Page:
The Ultimate Guide to Intermittent Fasting: Foods, Drinks

fast with food

If you’re going to fast with food, it’s important to know how to break your fast. In general, it’s best to eat healthy foods that are rich in nutrients, but there are also some specific things you should be aware of when fasting and breaking your fast, whether you’re doing so through an intermittent fasting approach or another type of fasting diet. This guide will take you through the best foods and drinks to consume when breaking your fast, as well as what not to eat if you want to stay healthy and fit during the process.


If you’re trying to fast with food only (that is, no oils or supplements), then oil is something you should avoid. Oils are a source of fat that may impede your body’s ability to burn through fat during fasting periods. Avoid using oils in your cooking—but do make sure that any pills or supplements you take don’t have added fats!

Meat & Eggs

Some diets suggest avoiding meat during a fast. Meats do contain some protein and minerals, but all that animal fat can keep you from losing weight quickly. If you’re looking for an occasional vegetarian day, eating eggs is recommended instead of other meats. To maximize results during your intermittent fasting period, it’s best to avoid all animal products during your fast days. On non-fasting days eat as much low-fat animal protein as you like; one or two servings are fine in a pinch.


While dairy products may be great in moderation, they can cause bloating, gassiness and make it difficult for your body to absorb water. I’ve found that most people who struggle with intermittent fasting find that they get better results if they cut dairy out of their diet during a fast. I usually tell clients to try their intermittent fasting without any dairy for a few weeks and then add it back in slowly after seeing how things go.

If you feel bloated while breaking your fast or throughout your day, try cutting out dairy for a week or two and see if that helps. Do keep in mind that many cheeses are loaded with sodium so swapping for lactose-free versions is another option (or just eat less cheese). Don’t give up on all dairy though!

Nuts & Seeds

In addition to making a tasty snack when fresh, nuts are also one of nature’s best sources of vitamin E. These powerful antioxidants can help fight cell-damaging free radicals that lead to skin aging and wrinkling. And they may help reduce inflammation too! Walnuts in particular are rich in these anti-inflammatory compounds.

However you eat them—whether as a sandwich spread or sprinkled over cereal—you’ll enjoy all of nuts’ heart-healthy benefits along with their delectable flavor. Just be careful not to indulge too much: An excess of calories from any food source can spell weight gain. The good news is that nuts are extremely satiating due their high protein content (which keeps us feeling full longer) so go ahead and chow down!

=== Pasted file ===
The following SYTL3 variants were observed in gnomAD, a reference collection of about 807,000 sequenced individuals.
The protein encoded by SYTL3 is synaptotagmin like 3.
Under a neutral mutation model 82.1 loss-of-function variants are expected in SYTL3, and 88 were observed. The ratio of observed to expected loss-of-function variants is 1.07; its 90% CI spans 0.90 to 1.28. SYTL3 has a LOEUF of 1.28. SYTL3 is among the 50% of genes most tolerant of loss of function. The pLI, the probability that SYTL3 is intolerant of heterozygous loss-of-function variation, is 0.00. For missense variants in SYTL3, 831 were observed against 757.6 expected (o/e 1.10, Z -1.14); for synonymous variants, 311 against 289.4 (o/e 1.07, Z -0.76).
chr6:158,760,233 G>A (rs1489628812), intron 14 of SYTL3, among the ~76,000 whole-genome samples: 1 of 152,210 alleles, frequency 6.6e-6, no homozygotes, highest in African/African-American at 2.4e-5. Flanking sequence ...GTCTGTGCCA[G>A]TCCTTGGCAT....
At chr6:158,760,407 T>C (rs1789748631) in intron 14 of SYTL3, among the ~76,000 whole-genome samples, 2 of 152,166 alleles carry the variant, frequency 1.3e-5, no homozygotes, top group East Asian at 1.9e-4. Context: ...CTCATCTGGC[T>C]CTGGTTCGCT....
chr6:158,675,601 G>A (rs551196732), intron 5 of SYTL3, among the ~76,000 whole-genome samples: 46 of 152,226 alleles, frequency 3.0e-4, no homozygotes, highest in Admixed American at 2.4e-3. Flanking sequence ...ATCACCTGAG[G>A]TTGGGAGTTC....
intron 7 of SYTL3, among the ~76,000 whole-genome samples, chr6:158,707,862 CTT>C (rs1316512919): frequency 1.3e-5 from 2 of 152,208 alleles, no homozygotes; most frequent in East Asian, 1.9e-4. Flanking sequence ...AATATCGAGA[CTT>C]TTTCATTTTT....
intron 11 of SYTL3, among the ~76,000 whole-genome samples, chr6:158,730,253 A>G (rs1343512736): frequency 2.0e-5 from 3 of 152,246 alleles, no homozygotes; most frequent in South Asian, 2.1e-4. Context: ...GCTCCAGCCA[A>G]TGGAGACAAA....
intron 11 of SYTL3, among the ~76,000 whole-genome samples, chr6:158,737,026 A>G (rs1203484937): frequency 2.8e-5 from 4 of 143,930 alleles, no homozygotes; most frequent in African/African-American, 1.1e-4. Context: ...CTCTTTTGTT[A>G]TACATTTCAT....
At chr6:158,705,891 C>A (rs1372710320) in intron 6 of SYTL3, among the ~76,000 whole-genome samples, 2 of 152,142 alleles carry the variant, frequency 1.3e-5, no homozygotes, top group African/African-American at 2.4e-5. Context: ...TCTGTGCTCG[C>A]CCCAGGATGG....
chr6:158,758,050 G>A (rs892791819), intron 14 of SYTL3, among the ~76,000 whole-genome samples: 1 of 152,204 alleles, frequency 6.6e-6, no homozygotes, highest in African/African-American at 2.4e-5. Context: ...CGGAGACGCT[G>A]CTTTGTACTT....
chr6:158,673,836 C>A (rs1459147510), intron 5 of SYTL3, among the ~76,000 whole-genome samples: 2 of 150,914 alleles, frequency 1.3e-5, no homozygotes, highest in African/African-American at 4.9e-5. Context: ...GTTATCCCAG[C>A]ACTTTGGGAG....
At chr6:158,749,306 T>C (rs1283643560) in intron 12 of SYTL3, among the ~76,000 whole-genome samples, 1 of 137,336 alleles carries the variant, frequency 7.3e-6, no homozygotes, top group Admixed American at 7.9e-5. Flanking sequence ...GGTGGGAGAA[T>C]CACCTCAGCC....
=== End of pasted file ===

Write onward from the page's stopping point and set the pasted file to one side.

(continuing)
Legumes (beans & lentils)

One of your fasting-safe foods! Just keep in mind that legumes have a lot of carbs. So when you eat legumes with other food you may still not be able to enter ketosis depending on what else you’ve eaten that day. Also if you are following a strict vegan or vegetarian diet it is important to note that legumes contain trace amounts of animal proteins.

For example soy beans contain conglycinin which has been shown in some studies to increase cancer risk for women. You’ll need to avoid these foods at least 6 hours before bedtime if not more, unless otherwise advised by your doctor.

Starchy Vegetables

If you’re on a fast with food (i.e., fasting for 16 hours), starchy vegetables are your friend. Many vegetables have more calories than their non-starchy counterparts; for example, sweet potatoes are about 30% higher in calories than carrots—calories that you may find harder to burn off. If you eat too many starches at one time during your fast, your body will start converting those calories into fat and break your fast in spite of itself. Save starchy veggies for after an hour or two into your fast so they don’t kick off any extra fat burning while you’re sleeping!

Fruit & Berries

Many people find that they can fast with food by eating fresh fruit or berries on an empty stomach. While it may be easier to fast with liquid if you want to take advantage of a more solid source of nutrition on your fasted days, reach for some fresh fruit instead. The key is not only eating something with no calories but also choosing fresh fruits or berries over-processed snacks.

Beverages (nut milks, coffee/tea etc.)

Starting a fast is simple. You can have any beverage you like; it’s just not recommended that you fill up on coffee or tea. That’s because caffeine causes insulin production (which inhibits your body from breaking down fat), and can also increase cravings for sugar. We want to break your fast with food, not sugar! Make sure whatever you choose—even water—is calorie-free if possible. If that’s not possible, limit yourself to no more than 50 calories per drink.

Sweets and snacks

In many cases, these are fine in moderation while you’re fasting. But be aware that foods like fruit juices (even naturally sweetened ones) have natural sugars that might add up quickly. Other non-fasting foods you’ll want to avoid include dairy products and caffeinated beverages (yes, even a cup of coffee), as well as any detox teas or other supposedly healthy drinks that promise to help you lose weight fast—some may contain calories or caffeine.

Not sure where these fit in? Consult your doctor before proceeding! Fast with food only until your next meal. What are some of my favourite choices during a fast? Check out an extended list of things you can eat when going on a fast here.

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